Jazz music is an American founded coalescence of instrumental diversity and culturally rooted emotion, originally manifesting itself in Africa American communities as a means of bonding the young and old together with tradition. Jazz first grew out from wordless storytelling; it was a means of expressing African and Slave Folk songs as brought to New Orleans with slaves from West Africa. Following this, American Jazz found its home in New Orleans in the late 19th and 20th century, in a place where Europeanization was met with the richness of African American communities there, in turn creating a fusion of European music with rhythmic African elements.
Interestingly, the origin of the word Jazz is as uncertain as the notes, which define its pieces. Most experts believe it was nothing more than a slang term used as early as 1915 to name this new and unique form of expression. Nevertheless, as Jazz grew into a beloved American genre, its name became something of great importance as well; and in 1916 the American Dialect Society named Jazz, “The Word of the Twentieth Century.” This was a period where America saw immense growth in immigrant populations, and a time when many cultures were adopting the styles of jazz and transforming it to mesh with their own country’s roots as well. From Jazz many new genres of music found their roots as well, including swing.
Due to its versatile and unpredictable nature, a result of playing in the streets, Jazz has a heavy improvisational foundation, encompassing its mixed cultures with traces of polyrhythm, syncopation, and the swung note. This eccentric genre of music is widely considered one of America’s first and greatest art forms, and truly regarded as a representation of America as it is a musical melting pot where the unexpected collide; sometimes seamlessly, sometimes painfully, but nevertheless together and arguably more colorful than any other genre of music.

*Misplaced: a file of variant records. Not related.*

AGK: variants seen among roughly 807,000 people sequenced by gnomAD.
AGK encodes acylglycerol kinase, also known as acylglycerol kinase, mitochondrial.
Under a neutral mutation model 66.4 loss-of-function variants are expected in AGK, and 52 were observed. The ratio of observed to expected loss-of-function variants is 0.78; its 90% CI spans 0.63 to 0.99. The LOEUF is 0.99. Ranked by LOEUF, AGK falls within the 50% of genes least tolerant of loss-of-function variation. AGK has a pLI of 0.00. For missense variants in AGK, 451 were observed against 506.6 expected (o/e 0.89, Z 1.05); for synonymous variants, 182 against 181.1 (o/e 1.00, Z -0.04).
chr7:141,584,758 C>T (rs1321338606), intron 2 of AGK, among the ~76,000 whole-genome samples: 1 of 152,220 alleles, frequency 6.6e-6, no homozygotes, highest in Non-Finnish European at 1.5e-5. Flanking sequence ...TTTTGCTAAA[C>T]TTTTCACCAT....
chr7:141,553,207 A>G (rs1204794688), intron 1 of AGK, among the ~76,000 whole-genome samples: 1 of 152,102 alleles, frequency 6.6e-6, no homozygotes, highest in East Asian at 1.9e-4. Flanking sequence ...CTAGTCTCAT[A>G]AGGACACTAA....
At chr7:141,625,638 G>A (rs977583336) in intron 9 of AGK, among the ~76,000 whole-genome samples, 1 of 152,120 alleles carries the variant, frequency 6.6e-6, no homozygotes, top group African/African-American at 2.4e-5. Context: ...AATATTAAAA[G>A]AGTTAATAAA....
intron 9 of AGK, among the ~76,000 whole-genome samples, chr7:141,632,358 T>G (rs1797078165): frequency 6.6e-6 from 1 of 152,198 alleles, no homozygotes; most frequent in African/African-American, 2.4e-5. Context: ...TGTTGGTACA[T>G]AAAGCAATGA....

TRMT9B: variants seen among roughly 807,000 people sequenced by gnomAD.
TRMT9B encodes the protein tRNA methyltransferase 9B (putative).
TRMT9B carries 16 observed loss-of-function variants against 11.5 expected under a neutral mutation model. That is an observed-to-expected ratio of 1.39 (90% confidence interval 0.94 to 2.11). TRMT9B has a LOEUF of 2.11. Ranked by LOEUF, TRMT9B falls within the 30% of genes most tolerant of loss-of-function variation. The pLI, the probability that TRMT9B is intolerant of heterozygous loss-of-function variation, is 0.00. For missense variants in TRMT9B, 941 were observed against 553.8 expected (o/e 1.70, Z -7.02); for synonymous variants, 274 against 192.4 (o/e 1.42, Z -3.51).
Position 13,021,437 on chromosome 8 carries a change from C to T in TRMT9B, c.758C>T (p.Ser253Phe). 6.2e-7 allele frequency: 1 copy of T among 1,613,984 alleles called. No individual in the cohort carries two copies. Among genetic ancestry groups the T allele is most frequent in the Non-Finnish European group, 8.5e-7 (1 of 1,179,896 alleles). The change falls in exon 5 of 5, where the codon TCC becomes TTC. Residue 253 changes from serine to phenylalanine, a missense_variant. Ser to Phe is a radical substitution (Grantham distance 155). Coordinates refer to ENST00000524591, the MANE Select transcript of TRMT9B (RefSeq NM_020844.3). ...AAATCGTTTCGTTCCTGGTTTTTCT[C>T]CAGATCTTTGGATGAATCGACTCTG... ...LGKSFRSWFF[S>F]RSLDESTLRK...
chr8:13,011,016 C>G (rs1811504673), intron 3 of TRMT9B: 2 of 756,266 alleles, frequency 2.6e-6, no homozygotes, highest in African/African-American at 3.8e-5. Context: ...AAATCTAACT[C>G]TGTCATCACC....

Like any other genre of music, Jazz has evolved since its start and continues to do so with every decade. In the 1930s, the most prominent style of Jazz music was the class bebop and big band arrangements that filled dance halls with unstoppable energy. It was indeed from this period that some of Jazz’s most starlit names arose, such as Louis Armstrong, Glenn Miller, and Billie Holiday. These artists in particular led the transition into the calmer and smoother variations of Jazz found in the 1940s, exhibiting more linear melodies than its earlier jazz counterparts.
In an interview from 1988, infamous Jazz Musician, J. J. Johnson said, “Jazz is restless. It won’t stay put and it never will.” That is precisely the attitude that continued to spread Jazz into later decades, allowing it to transform into variations of Jazz Rock, Latin Jazz, and Afro-Cuban fusions. The origins of Jazz music are as unambiguous as the music itself is lithe and impulsive. We know where Jazz came from; Jazz walked off slave ships in the hearts of those who faced unfathomable adversity. Jazz arose from adversity to provide whole communities with colorful, international collaboration, and showcasing the beauty of unity as proven by Jazz’s ability to bridge gaps of communication.